“Even before the secret talks with Mandela began, we realised that Winnie’s tendency to court controversy and her future role as “Mother of the Nation” had to be handled in some way. Secretly, we hoped that Mandela would have to have a restraining influence on her self-willed and untoward behaviour. If this could be used positively and she became an outspoken proponent of negotiation, we would gain an important ally in the peace process. If such a prominent and radical icon of the struggle were, figuratively speaking, to lay down her weapons, which she had many, the benefits would be enormous as she was an international figure in her own right,” wrote Barnard.
This is truth whitewashed because it was apartheid NIA that spied on Mandela and Mama Winnie, planted agents around her, and spanned propaganda tales in both Afrikaans and English media about Mama Winnie to break Mandela in prison, and isolate his wife from him including banishing her to Brandfort, Free State.
It was NIA and apartheid security that “smuggled” newspapers in prison for Mandela to read the “untoward behaviour” of Mama
Winnie to break both the couple’s images as a revolutionary force against apartheid.
Barnard successfully made
Madiba a bitter man who hated
Mama Winnie but lovingly tolerated white men. It was Barnard’s
NIA that sought to separate
Mandela from him and his comrade, to break him, his marriage and to destroy both his and her image as political icons.
“I warned them (Mandela and them) as we were beginning to talk to the Niel Barnard of the day, even about the negotiation, right at the negotiation tables. I was the one who felt that we over-negotiated and in the process we lost it. I warned at the time that we over-negotiated and truth was we may have lost the land again in the process. Our struggle was a struggle for land. It was all about the return of the land to the rightful owners… the notion of fighting back to get back our land,” MadikizelaMandela said in one of her televised interviews. Mama Winnie’s militancy was consistent with the growing radicalisation of the black revolution across the world, especially in America, with the rise of the Black Panther movement Huey Newtown, and other civil rights movement led by Malcolm X. Others included Louis Farrakhan from peaceful protest by Rosa Park and non-violent rhetoric of Martin Luther King jnr. It is equally in line with what King Jnr preached that violence ultimately is used as “the language of the unheard” after failed protests to get the oppressor to listen to the cries of the oppressed.
Much as she is scorned and blamed for giving rise to Julius Malema and his EFF, Mama Winnie was blamed for embracing Peter Mokaba for his violent anti-white songs as illustrated by the former ANC Youth League president’s revolutionary slogan, “Kill the farmer, kill the Boer”, which unsettled both black and white establishments.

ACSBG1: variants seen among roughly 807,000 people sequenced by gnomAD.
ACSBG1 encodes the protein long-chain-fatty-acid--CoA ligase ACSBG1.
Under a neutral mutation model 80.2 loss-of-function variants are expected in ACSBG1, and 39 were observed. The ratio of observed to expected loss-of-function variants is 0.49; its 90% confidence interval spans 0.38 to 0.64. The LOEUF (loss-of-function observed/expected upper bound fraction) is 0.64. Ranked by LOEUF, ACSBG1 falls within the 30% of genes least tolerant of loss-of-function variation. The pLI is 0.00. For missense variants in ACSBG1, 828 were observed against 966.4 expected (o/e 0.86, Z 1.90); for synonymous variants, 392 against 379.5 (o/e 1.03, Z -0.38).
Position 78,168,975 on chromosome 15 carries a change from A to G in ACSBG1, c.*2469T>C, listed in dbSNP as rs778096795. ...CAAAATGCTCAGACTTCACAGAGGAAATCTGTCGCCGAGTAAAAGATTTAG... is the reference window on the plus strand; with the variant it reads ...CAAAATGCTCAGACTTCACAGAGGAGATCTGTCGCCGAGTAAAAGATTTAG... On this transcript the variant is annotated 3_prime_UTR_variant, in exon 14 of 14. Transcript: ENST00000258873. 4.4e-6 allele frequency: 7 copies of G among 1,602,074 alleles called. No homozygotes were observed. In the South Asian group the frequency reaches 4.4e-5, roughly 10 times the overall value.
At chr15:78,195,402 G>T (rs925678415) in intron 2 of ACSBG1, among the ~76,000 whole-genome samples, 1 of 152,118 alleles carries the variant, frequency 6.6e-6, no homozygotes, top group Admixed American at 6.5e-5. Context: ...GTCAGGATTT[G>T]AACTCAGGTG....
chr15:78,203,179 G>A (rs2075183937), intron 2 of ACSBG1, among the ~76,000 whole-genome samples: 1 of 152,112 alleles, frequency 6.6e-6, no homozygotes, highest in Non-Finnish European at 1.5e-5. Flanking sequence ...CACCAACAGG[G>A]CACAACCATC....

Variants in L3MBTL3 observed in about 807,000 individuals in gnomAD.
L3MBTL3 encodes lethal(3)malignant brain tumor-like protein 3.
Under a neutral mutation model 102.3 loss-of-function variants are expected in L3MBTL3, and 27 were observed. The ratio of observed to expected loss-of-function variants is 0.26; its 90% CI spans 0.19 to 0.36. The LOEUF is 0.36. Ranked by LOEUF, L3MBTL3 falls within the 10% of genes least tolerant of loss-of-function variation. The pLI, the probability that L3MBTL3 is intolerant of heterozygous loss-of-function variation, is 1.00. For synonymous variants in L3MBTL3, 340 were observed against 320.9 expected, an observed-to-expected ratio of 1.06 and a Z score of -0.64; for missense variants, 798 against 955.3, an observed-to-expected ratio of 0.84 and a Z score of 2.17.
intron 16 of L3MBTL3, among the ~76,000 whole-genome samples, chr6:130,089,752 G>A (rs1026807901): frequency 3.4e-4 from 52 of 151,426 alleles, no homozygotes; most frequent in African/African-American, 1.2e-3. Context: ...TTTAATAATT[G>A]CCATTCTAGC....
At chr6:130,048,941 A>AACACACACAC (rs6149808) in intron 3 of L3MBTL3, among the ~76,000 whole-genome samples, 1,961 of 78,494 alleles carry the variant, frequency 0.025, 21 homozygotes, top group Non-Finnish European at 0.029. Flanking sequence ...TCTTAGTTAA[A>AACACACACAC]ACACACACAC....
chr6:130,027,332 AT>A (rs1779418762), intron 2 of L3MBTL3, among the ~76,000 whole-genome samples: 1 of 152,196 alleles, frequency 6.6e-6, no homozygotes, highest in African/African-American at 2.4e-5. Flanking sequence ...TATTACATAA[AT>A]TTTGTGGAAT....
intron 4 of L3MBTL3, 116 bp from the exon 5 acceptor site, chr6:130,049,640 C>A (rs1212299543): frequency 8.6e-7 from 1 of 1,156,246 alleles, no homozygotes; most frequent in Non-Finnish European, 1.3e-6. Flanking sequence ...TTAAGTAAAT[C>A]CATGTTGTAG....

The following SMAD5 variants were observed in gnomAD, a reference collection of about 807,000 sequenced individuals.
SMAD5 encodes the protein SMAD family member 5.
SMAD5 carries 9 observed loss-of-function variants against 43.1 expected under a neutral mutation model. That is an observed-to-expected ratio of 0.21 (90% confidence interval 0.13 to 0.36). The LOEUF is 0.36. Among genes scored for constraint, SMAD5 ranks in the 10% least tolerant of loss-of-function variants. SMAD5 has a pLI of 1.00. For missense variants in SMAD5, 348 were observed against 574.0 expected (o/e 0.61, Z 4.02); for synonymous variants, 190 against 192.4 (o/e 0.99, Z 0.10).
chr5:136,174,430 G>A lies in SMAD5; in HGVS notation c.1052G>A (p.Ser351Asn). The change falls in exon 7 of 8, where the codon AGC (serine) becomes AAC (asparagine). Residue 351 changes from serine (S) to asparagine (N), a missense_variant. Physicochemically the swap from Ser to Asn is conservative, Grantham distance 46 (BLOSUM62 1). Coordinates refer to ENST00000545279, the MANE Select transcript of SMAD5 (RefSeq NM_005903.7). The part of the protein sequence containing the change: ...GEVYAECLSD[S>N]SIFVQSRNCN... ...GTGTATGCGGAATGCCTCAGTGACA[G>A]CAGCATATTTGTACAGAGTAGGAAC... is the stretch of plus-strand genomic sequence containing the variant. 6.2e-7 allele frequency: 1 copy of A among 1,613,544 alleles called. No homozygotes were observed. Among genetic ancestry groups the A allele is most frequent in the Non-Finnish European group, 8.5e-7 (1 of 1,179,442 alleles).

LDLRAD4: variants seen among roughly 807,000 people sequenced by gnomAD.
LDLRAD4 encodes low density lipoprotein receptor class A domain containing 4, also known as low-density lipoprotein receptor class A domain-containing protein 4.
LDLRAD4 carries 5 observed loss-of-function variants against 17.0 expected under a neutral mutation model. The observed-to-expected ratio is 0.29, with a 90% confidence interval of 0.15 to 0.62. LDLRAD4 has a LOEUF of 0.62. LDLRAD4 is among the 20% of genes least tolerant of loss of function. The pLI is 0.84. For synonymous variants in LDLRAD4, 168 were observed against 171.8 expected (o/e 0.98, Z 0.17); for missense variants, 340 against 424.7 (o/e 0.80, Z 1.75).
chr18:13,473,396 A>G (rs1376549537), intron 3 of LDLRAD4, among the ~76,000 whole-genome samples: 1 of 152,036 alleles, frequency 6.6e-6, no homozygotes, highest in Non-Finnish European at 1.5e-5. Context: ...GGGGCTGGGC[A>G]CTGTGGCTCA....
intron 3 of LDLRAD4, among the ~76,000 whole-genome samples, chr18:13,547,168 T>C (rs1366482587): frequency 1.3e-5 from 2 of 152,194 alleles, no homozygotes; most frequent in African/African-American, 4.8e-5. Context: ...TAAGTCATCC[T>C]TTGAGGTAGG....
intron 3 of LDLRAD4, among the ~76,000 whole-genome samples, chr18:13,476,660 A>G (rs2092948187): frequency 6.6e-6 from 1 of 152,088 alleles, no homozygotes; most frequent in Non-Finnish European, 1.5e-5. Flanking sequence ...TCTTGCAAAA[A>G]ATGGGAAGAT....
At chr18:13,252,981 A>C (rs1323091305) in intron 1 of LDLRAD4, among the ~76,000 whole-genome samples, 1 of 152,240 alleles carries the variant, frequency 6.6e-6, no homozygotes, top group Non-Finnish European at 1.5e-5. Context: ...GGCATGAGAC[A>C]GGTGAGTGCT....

Truth is, to conquer a man, you must first conquer his land. And for whites, to maintain ownership and land control, which rose from the bloodied establishment of the Union, and the Union Buildings, as a direct consequence of the political battle over land dispute as captured by the Treaty of Vereeniging in 1902 - any black politician unsettling the land with the violent rhetoric of numbers is vilified, cursed and forcefully written off South African politics.
This is done to ensure the continuity of white supreme power, privilege and domination of black lives, which essentially makes land politics, the single biggest political matter that matters, as Advocate Thembeka Ngcukaitobi aptly puts it in his book,“The Land is ours”, as central to all South African wars.
Therefore racial slurs directed at her, even at death, including labelling her a political witch, who betrayed Mandela, killed Stompie, conducted necklacing of apartheid spies and bedevilled the post-apartheid state, is propaganda enough to send her off.
That’s why they hate Madikizela Mandela. They fear that sending her off as a true black revolutionary, rare amongst her generation, will reverse the Broederbond 1994 rainbow project. What they do not know is that by contaminating her death (a sacred space for black people), they are essentially multiplying her - as recently seen by the wave of black women in mourning black dress code and doeks.
In the end, the white revulsion of Mama Winnie will have the effects of casting in the “Wakanda Warrior Class” of Angolan Queen Nzinga, Ethiopian Queen Sheba, Ghananian Queen Asantewa, Queen Nandi, Zimbabwean Queen Nehanda, and Zambia Queen Mukaya whilst diminishing their favourite Nelson Mandela imagery amongst the revolutionary class of Che Guevara, Fidel Castro, Samora Machel, amongst others.
Often is true that the political correctness of the most vilified black leader by the white settler, is that such a vilified is the most feared and truest of the black revolution. And Mama Winnie belongs right there.
Winnie Madikizela-Mandela was hated for her nonconformist methods of fusing young political life with the violent language of revolution that went against the prevailing timid political narrative of negotiations. Picture: Denvor de Wee/ Visual Buzz SA